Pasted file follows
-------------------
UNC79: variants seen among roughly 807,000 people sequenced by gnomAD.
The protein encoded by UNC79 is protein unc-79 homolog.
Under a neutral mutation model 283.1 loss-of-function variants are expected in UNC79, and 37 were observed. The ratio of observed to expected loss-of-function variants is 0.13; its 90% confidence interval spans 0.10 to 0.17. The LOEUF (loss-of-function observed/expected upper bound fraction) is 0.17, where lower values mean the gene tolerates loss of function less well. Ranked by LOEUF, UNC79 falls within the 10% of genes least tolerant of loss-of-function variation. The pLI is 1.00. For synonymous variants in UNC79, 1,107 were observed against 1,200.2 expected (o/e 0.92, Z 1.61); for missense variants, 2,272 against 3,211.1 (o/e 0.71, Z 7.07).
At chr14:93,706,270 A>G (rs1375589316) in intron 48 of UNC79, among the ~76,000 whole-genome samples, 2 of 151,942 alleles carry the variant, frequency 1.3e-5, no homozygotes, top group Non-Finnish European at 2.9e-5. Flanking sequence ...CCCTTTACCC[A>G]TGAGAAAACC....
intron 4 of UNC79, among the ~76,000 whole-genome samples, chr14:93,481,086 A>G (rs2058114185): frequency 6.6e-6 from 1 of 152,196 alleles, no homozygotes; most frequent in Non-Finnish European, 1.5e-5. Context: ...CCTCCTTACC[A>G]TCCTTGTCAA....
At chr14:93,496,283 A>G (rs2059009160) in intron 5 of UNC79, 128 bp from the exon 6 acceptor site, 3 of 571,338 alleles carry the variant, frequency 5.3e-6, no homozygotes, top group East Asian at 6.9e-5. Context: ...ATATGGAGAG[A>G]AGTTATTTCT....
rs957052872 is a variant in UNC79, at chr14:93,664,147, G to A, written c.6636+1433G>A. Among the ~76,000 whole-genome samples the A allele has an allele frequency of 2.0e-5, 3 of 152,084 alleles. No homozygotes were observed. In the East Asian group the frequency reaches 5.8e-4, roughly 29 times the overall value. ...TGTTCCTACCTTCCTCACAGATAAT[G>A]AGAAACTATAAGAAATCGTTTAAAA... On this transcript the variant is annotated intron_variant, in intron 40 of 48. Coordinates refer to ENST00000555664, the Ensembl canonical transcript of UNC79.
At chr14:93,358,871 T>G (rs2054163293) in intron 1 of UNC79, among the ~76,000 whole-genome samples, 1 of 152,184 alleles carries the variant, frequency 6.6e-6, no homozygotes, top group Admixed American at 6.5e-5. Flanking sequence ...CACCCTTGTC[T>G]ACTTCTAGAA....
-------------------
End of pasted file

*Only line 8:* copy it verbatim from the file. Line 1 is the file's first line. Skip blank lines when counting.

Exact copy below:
At chr14:93,358,871 T>G (rs2054163293) in intron 1 of UNC79, among the ~76,000 whole-genome samples, 1 of 152,184 alleles carries the variant, frequency 6.6e-6, no homozygotes, top group Admixed American at 6.5e-5. Flanking sequence ...CACCCTTGTC[T>G]ACTTCTAGAA....